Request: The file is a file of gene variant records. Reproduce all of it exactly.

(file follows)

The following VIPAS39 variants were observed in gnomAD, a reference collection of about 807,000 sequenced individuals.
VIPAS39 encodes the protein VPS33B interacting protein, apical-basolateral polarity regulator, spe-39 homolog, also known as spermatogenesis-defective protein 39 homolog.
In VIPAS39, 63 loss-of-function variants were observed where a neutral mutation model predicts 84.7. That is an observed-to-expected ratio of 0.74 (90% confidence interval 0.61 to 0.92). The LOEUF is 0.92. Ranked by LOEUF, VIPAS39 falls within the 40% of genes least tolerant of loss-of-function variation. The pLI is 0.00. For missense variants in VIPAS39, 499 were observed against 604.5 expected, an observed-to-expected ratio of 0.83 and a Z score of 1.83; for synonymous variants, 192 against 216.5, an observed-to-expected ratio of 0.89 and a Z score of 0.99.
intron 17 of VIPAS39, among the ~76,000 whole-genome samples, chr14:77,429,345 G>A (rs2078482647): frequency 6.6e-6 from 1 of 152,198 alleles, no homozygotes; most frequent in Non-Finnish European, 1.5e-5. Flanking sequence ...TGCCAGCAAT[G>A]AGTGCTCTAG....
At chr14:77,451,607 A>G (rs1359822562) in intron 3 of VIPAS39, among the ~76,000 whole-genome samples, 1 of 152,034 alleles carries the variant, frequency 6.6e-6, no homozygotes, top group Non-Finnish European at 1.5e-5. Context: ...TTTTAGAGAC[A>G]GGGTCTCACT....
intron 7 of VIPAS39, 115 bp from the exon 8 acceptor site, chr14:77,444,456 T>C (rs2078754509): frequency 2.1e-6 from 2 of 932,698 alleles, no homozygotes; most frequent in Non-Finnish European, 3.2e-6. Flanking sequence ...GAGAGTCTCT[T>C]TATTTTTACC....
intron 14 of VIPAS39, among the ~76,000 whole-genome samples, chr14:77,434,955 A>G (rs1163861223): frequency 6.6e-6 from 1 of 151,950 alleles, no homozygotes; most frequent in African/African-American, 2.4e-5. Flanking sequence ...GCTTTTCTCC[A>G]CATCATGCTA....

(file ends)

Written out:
The following VIPAS39 variants were observed in gnomAD, a reference collection of about 807,000 sequenced individuals.
VIPAS39 encodes the protein VPS33B interacting protein, apical-basolateral polarity regulator, spe-39 homolog, also known as spermatogenesis-defective protein 39 homolog.
In VIPAS39, 63 loss-of-function variants were observed where a neutral mutation model predicts 84.7. That is an observed-to-expected ratio of 0.74 (90% confidence interval 0.61 to 0.92). The LOEUF is 0.92. Ranked by LOEUF, VIPAS39 falls within the 40% of genes least tolerant of loss-of-function variation. The pLI is 0.00. For missense variants in VIPAS39, 499 were observed against 604.5 expected, an observed-to-expected ratio of 0.83 and a Z score of 1.83; for synonymous variants, 192 against 216.5, an observed-to-expected ratio of 0.89 and a Z score of 0.99.
intron 17 of VIPAS39, among the ~76,000 whole-genome samples, chr14:77,429,345 G>A (rs2078482647): frequency 6.6e-6 from 1 of 152,198 alleles, no homozygotes; most frequent in Non-Finnish European, 1.5e-5. Flanking sequence ...TGCCAGCAAT[G>A]AGTGCTCTAG....
At chr14:77,451,607 A>G (rs1359822562) in intron 3 of VIPAS39, among the ~76,000 whole-genome samples, 1 of 152,034 alleles carries the variant, frequency 6.6e-6, no homozygotes, top group Non-Finnish European at 1.5e-5. Context: ...TTTTAGAGAC[A>G]GGGTCTCACT....
intron 7 of VIPAS39, 115 bp from the exon 8 acceptor site, chr14:77,444,456 T>C (rs2078754509): frequency 2.1e-6 from 2 of 932,698 alleles, no homozygotes; most frequent in Non-Finnish European, 3.2e-6. Flanking sequence ...GAGAGTCTCT[T>C]TATTTTTACC....
intron 14 of VIPAS39, among the ~76,000 whole-genome samples, chr14:77,434,955 A>G (rs1163861223): frequency 6.6e-6 from 1 of 151,950 alleles, no homozygotes; most frequent in African/African-American, 2.4e-5. Flanking sequence ...GCTTTTCTCC[A>G]CATCATGCTA....